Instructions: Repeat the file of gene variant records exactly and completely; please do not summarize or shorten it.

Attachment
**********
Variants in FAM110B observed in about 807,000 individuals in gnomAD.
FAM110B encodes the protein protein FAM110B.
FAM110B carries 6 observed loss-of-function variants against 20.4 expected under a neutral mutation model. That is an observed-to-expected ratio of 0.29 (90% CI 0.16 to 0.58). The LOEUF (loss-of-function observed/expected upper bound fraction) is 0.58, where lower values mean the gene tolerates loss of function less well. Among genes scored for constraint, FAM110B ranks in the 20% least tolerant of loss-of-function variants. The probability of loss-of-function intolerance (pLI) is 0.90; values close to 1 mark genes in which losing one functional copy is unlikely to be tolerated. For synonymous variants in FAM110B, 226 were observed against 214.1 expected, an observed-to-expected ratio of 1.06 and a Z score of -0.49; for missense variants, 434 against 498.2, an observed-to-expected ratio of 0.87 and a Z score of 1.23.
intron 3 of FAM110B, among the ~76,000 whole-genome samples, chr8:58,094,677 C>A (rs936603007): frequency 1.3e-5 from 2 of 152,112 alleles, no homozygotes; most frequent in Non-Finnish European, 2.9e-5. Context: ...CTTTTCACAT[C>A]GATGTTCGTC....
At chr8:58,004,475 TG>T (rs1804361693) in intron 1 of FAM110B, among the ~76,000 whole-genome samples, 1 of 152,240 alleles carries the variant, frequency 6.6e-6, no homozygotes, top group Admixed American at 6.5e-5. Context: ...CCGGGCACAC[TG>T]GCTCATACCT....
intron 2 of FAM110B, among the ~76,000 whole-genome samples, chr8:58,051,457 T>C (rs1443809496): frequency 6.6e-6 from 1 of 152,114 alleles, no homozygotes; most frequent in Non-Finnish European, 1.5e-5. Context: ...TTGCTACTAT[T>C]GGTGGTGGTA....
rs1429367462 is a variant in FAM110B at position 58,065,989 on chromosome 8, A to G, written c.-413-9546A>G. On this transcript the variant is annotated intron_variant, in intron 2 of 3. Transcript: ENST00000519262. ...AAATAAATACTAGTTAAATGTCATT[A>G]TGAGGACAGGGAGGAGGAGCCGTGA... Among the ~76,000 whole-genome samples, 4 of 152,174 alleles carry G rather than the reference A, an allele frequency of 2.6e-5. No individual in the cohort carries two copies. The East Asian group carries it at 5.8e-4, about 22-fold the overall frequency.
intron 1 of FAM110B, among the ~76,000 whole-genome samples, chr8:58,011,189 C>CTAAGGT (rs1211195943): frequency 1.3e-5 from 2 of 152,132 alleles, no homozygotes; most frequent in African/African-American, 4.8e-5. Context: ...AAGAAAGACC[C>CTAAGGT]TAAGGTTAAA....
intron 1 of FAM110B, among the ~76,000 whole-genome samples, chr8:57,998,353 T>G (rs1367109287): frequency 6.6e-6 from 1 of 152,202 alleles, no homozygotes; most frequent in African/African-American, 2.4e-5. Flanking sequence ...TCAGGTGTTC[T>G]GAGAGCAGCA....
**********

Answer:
Variants in FAM110B observed in about 807,000 individuals in gnomAD.
FAM110B encodes the protein protein FAM110B.
FAM110B carries 6 observed loss-of-function variants against 20.4 expected under a neutral mutation model. That is an observed-to-expected ratio of 0.29 (90% CI 0.16 to 0.58). The LOEUF (loss-of-function observed/expected upper bound fraction) is 0.58, where lower values mean the gene tolerates loss of function less well. Among genes scored for constraint, FAM110B ranks in the 20% least tolerant of loss-of-function variants. The probability of loss-of-function intolerance (pLI) is 0.90; values close to 1 mark genes in which losing one functional copy is unlikely to be tolerated. For synonymous variants in FAM110B, 226 were observed against 214.1 expected, an observed-to-expected ratio of 1.06 and a Z score of -0.49; for missense variants, 434 against 498.2, an observed-to-expected ratio of 0.87 and a Z score of 1.23.
intron 3 of FAM110B, among the ~76,000 whole-genome samples, chr8:58,094,677 C>A (rs936603007): frequency 1.3e-5 from 2 of 152,112 alleles, no homozygotes; most frequent in Non-Finnish European, 2.9e-5. Context: ...CTTTTCACAT[C>A]GATGTTCGTC....
At chr8:58,004,475 TG>T (rs1804361693) in intron 1 of FAM110B, among the ~76,000 whole-genome samples, 1 of 152,240 alleles carries the variant, frequency 6.6e-6, no homozygotes, top group Admixed American at 6.5e-5. Context: ...CCGGGCACAC[TG>T]GCTCATACCT....
intron 2 of FAM110B, among the ~76,000 whole-genome samples, chr8:58,051,457 T>C (rs1443809496): frequency 6.6e-6 from 1 of 152,114 alleles, no homozygotes; most frequent in Non-Finnish European, 1.5e-5. Context: ...TTGCTACTAT[T>C]GGTGGTGGTA....
rs1429367462 is a variant in FAM110B at position 58,065,989 on chromosome 8, A to G, written c.-413-9546A>G. On this transcript the variant is annotated intron_variant, in intron 2 of 3. Transcript: ENST00000519262. ...AAATAAATACTAGTTAAATGTCATT[A>G]TGAGGACAGGGAGGAGGAGCCGTGA... Among the ~76,000 whole-genome samples, 4 of 152,174 alleles carry G rather than the reference A, an allele frequency of 2.6e-5. No individual in the cohort carries two copies. The East Asian group carries it at 5.8e-4, about 22-fold the overall frequency.
intron 1 of FAM110B, among the ~76,000 whole-genome samples, chr8:58,011,189 C>CTAAGGT (rs1211195943): frequency 1.3e-5 from 2 of 152,132 alleles, no homozygotes; most frequent in African/African-American, 4.8e-5. Context: ...AAGAAAGACC[C>CTAAGGT]TAAGGTTAAA....
intron 1 of FAM110B, among the ~76,000 whole-genome samples, chr8:57,998,353 T>G (rs1367109287): frequency 6.6e-6 from 1 of 152,202 alleles, no homozygotes; most frequent in African/African-American, 2.4e-5. Flanking sequence ...TCAGGTGTTC[T>G]GAGAGCAGCA....